Just over a year ago, Jean Charest’s Quebec Liberals limped out of a provincial election with a narrow minority government, the first in that province since the 19th century.
In the same vote, the Parti Québécois became the third party in Quebec’s National Assembly, and the ADQ party, led by Mario Dumont, won more seats than ever before – almost winning the election – to become Quebec’s Official Opposition.
And for a little while at least, it looked as if Charest’s minority government wouldn’t last too long. By September of last year, they had dropped to 24 per cent in the polls, third place behind the ADQ and the PQ.
Late last month, though, the front-page headline in Montreal’s La Presse read ‘”Charest Revit” – literally, “Charest Lives Again” – as that newspaper’s latest polling had the Quebec Liberal Party back on top of the heap at 34 per cent voting intention, as compared to the PQ’s 30 per cent and the ADQ’s 22 per cent.
Even more encouraging for the Quebec Premier, the poll showed that 61 per cent of Quebec residents were satisfied with his government, the highest level of satisfaction for any government in the province in two decades, and almost double its rating of six months ago.
Quebec has a history of producing popular, charismatic politicians – think Trudeau, Lévesque and Bouchard. But Charest has seldom been thought of in that league. His more remote personality, his previous career in federal politics (he came within 187 votes of becoming Prime Minister of Canada in the 1993 Progressive Conservative Convention, losing to Kim Campbell), and … yes… the fact that his mother was an anglophone, all contributed to the wariness with which francophone Quebec voters approached Charest since his entry into provincial politics one decade ago this month.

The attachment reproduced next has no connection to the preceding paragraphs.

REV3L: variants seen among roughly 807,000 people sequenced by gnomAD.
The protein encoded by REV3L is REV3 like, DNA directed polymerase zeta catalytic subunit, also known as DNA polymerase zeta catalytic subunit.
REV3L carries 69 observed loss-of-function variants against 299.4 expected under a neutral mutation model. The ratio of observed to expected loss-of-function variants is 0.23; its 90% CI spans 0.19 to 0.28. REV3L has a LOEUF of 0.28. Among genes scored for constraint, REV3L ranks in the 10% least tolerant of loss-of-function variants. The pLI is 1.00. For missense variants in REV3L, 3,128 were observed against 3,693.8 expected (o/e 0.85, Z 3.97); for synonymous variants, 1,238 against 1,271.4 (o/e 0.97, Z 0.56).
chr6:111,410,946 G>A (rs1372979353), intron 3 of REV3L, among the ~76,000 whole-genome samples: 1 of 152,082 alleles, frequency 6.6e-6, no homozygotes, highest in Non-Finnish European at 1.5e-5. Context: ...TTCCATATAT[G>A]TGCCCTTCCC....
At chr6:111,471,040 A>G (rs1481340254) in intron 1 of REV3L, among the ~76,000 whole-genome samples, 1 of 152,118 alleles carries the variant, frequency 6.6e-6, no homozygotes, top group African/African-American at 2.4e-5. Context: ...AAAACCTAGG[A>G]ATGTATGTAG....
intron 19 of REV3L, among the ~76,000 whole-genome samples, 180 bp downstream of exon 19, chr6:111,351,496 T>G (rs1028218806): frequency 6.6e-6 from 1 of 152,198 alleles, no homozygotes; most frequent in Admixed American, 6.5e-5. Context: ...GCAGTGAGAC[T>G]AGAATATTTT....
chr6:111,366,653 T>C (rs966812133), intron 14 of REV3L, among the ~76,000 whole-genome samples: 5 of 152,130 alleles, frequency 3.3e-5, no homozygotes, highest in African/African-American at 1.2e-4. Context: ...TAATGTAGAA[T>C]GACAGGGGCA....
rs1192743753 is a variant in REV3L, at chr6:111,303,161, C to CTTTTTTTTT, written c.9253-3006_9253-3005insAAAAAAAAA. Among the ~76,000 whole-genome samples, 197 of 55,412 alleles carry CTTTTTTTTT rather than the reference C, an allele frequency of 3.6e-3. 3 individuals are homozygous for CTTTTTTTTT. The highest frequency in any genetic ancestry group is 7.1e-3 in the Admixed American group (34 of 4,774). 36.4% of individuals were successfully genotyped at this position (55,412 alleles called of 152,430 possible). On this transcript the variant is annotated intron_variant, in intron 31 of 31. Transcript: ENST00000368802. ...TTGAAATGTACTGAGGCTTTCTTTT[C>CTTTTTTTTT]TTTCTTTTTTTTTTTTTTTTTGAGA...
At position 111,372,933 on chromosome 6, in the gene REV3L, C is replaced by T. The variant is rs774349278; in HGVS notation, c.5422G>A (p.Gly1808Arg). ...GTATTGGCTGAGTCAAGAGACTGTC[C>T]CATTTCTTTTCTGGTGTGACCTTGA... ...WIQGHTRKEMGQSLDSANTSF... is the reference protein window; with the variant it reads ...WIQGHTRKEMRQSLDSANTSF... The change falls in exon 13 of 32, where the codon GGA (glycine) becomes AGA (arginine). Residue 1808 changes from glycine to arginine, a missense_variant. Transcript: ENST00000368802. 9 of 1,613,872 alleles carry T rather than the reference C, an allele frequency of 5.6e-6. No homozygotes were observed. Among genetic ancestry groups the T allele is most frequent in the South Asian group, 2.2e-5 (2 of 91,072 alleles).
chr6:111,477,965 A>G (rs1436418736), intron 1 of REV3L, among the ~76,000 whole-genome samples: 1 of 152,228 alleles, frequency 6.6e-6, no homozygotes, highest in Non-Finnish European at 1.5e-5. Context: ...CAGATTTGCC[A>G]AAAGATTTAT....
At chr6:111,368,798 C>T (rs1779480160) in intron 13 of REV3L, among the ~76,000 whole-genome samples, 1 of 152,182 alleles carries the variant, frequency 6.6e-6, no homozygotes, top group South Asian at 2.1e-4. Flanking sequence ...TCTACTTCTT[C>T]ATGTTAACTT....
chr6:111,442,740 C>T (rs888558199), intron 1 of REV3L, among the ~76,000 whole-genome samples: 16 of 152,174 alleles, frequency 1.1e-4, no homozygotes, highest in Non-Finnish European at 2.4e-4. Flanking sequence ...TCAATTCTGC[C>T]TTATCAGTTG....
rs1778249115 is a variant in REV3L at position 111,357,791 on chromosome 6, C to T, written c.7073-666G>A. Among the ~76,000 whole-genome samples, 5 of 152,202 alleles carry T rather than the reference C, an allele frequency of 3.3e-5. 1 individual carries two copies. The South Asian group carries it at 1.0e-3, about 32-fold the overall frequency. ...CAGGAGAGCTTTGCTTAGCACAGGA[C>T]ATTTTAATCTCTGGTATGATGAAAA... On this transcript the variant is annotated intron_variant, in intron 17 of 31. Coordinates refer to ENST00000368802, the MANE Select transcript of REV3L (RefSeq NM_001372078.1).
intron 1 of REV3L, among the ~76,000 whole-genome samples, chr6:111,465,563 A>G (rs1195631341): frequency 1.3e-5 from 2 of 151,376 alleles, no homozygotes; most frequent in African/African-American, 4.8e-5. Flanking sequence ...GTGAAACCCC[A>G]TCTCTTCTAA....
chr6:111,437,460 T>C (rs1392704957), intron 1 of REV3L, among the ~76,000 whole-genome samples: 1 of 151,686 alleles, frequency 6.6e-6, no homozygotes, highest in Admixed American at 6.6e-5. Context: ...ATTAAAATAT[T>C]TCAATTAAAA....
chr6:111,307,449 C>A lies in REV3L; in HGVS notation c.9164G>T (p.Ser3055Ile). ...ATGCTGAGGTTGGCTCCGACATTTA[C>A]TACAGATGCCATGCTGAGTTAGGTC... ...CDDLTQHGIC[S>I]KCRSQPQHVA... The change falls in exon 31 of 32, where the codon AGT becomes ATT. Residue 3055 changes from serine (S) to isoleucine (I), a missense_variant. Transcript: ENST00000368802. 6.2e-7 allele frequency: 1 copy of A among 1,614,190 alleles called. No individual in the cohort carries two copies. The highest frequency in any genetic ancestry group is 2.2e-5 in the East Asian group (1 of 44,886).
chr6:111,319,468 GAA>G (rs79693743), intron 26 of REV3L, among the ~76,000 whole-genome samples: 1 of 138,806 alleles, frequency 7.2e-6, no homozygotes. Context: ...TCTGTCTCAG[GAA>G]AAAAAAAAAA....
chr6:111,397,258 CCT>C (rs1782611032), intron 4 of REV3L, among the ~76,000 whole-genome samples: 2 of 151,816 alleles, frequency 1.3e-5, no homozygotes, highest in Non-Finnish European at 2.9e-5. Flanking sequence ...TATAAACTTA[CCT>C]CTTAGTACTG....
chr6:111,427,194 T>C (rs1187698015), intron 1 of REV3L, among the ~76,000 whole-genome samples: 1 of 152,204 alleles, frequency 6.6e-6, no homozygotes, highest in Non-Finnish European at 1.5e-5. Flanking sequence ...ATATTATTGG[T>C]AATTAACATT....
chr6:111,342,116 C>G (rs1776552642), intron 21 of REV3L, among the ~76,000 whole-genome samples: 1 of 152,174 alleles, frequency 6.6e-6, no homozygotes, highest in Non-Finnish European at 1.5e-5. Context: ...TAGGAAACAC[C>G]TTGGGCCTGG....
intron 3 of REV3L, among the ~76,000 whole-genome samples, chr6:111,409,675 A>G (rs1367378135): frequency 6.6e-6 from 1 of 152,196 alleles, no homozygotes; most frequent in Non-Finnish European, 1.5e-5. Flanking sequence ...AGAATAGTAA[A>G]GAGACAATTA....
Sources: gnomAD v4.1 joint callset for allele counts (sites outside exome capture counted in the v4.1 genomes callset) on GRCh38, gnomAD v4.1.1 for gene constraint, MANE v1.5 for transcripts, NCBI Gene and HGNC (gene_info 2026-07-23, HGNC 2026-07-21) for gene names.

So what accounts for his party’s amazing political turnaround in such a short period of time? Some of it certainly stems from the failure of Mario Dumont to appear as a Premier-in-waiting over the past year. And the PQ has been going through its own leadership issues, replacing André Boisclair with Pauline Marois.
Some commentators suggest that Charest has taken some posthumous lessons from one of his predecessors – Robert Bourassa – and become “…a button-down premier who appeals to Quebec’s sense of order, if not its heartstrings…”
The Premier’s recent success comes at a time when politics in Quebec seems to be changing. Most dramatically, the PQ recently abandoned its longstanding policy of promising a referendum on sovereignty as soon as possible after an election victory. And on the federal scene, the Bloc Québécois’ decline in popularity and the Conservatives’ growing credibility among Quebec voters had prominent Quebec journalist Chantal Hébert writing about a “full-fledged federalist revival” in the province.
What does that mean for the rest of Canada? Well, according to Hébert, it certainly doesn’t mean the Question of Quebec will cease to be central to politics in this country.
Here’s what she told an audience in New Brunswick last fall, in a speech that was recently broadcast on CBC Radio:
“Keeping Quebec in the federation has been the dominating challenge of the second half of the 20th century in Canadian politics. But I would predict that living productively with a Quebec that’s not going anywhere may be one of the more transforming experiences of the first decades of the 21st century. And you may find it sometimes just as hard.”
For more on recent developments in Quebec politics, please tune into a televised panel discussion I am producing that will air tonight and be available online later this week.